and you have to work with the people who are there. And it really doesn't get you anywhere to have this attitude if you want to get anything done. You get things done by power. You get power from having public support. My argument was that in order to maintain power, we would have to reinforce constantly the message of what we were doing. Good evening. Tomorrow will be two weeks since I became President... On February 2, Carter addressed the nation in a fireside chat on energy. The country had been through an oil scare in 1973. To head off a new crisis, Carter appealed directly to Americans to rally around a new program. All of us must learn to waste less energy. Simply by keeping our thermostats, for instance, at 65 degrees in the daytime and 55 degrees at night,

we could save half the current shortage of natural gas. If we learn to live thriftily

and remember the importance of helping our neighbours, then we can find ways to adjust. COUNTRY MUSIC Carter led by example. He curtailed the use of limousines, cancelled magazine subscriptions, unplugged television sets and put the presidential yacht, 'Sequoia', on the auction block. He turned off the airconditioners,

and it was so hot in the White House, people would come in there... (Laughs) It was unbelievable. It would be 100 above in there. To save on staff overtime, all White House functions would end at midnight. No hard liquor would be served. Jimmy Carter is a Low Church Protestant, where it's a sin not to have a hard wooden bench to sit on in church. And he brought that simplicity to the White House. We were all invited down to the White House every other Tuesday. We walked into the private dining room on the first floor off the East Room. We looked at the table and there were these little fingertip cookies. And Tip O'Neill looked at me and he says, "What's this?" I said, "I guess that's breakfast." So the president walked in, you know, walked around the room and shook hands with everybody. And O'Neill looked at the president and he says, "Mr President, you know, we won the election."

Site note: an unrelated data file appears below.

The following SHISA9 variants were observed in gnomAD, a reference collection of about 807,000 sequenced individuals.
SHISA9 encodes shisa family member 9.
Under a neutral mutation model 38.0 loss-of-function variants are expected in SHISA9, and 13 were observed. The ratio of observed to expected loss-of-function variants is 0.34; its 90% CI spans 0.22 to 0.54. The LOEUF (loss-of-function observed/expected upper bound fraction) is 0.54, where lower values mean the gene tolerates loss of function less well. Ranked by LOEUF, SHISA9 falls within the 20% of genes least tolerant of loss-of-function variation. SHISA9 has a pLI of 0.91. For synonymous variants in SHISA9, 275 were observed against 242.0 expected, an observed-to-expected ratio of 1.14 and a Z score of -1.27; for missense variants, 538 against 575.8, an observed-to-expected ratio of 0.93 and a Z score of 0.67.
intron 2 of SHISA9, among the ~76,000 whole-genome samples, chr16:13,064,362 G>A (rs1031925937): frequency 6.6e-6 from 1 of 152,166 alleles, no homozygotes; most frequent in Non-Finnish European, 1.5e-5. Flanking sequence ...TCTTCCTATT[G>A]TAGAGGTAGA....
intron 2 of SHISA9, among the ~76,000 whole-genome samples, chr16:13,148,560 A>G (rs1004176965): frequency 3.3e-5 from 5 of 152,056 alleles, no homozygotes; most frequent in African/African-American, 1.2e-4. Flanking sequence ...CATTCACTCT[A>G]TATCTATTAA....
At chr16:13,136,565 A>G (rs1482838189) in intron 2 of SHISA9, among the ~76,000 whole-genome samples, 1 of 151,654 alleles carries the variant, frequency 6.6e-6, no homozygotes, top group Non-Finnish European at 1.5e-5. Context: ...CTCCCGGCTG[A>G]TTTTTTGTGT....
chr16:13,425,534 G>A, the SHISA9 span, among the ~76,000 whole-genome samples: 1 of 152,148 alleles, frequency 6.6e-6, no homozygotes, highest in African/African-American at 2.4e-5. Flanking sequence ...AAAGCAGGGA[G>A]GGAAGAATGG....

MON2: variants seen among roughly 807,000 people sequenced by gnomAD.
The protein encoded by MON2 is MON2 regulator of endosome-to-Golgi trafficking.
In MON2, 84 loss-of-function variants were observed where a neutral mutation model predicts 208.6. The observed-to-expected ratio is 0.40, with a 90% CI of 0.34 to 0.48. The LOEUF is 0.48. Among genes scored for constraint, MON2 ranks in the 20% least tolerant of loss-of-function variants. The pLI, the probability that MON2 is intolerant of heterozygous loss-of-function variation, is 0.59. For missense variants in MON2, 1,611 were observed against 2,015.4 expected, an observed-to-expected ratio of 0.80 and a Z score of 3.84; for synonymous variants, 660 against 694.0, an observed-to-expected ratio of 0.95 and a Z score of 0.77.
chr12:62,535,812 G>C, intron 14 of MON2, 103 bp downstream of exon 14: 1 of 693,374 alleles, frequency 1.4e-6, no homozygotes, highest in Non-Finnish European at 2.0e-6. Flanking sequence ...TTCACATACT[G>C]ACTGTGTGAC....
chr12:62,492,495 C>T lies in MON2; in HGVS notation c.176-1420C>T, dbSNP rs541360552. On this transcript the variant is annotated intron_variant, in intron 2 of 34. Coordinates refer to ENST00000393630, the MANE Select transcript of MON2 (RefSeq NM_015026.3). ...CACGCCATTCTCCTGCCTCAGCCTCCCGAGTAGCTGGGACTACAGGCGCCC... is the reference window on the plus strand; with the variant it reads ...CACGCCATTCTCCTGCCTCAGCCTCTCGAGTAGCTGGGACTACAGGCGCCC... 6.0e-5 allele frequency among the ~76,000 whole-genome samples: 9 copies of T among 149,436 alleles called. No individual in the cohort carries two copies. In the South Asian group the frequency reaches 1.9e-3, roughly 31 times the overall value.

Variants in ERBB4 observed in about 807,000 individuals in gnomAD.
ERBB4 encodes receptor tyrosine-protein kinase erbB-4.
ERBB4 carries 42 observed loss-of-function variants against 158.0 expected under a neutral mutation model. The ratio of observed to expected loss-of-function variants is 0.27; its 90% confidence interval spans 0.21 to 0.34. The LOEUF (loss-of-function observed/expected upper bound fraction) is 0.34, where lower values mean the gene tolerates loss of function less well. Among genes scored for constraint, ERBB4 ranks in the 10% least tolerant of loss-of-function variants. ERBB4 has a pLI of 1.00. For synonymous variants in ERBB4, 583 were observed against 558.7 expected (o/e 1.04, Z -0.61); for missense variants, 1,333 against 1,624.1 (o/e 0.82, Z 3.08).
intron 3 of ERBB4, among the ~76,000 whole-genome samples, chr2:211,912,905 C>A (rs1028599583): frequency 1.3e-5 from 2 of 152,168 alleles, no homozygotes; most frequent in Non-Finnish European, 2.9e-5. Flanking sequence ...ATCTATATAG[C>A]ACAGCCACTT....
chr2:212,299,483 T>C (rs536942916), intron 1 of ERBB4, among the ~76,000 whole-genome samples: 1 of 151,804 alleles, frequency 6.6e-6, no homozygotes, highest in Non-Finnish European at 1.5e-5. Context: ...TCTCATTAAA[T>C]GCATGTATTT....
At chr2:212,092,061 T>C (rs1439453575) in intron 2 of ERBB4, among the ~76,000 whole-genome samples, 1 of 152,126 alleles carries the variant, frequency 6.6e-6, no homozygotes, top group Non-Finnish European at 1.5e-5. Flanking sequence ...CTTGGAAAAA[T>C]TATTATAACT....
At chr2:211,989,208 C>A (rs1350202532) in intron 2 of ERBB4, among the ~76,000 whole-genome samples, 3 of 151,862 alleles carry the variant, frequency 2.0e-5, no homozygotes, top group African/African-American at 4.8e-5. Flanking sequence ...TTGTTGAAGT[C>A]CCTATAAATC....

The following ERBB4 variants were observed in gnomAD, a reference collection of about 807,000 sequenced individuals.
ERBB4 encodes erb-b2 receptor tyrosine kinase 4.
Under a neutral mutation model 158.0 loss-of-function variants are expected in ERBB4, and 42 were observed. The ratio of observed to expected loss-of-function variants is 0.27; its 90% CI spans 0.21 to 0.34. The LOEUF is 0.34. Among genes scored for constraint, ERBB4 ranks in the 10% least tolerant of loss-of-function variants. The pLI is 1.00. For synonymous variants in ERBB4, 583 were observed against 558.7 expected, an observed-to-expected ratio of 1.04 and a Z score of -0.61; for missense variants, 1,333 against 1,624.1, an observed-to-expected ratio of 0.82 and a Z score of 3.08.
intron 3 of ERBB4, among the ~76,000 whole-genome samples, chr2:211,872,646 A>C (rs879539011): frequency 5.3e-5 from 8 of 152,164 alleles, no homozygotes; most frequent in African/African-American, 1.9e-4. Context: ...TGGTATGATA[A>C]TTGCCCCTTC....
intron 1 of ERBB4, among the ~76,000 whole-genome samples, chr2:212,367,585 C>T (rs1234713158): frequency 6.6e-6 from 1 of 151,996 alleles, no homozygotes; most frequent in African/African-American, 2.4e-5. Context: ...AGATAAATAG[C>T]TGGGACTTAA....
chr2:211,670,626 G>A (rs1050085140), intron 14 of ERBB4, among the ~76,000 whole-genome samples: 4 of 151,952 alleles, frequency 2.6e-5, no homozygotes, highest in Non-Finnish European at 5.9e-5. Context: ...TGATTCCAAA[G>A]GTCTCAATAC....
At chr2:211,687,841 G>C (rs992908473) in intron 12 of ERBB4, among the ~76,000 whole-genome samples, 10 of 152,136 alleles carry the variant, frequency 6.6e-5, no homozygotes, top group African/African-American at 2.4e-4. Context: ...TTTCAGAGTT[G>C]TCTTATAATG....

CARTER: When's the last time you were here? Last time I was in the Oval Room. Carter presented his agenda to the Speaker of the House, Tip O'Neill. Energy was Carter's number one priority. CARTER: The Vice-President... But it was competing with his long list of other legislation - bills on hospital cost containment, urban policy, ethics in government. You've brought enough for four years work. I understand. There was nothing in the package to grease the wheels of government. Some are of more priority than others. When Carter struck from his budget 19 multimillion-dollar water projects that had been approved by President Ford, Congressmen were furious. DREW: He was absolutely right to take it on - these sort of boondoggles and unnecessary, really pork barrel things. But he didn't know how to take it on. You have to build political capital. You have to build alliances. You have to make deals. LANCE: The quid pro quo was not in him. If you came to him and said, "We can get so-and-so to vote for us,"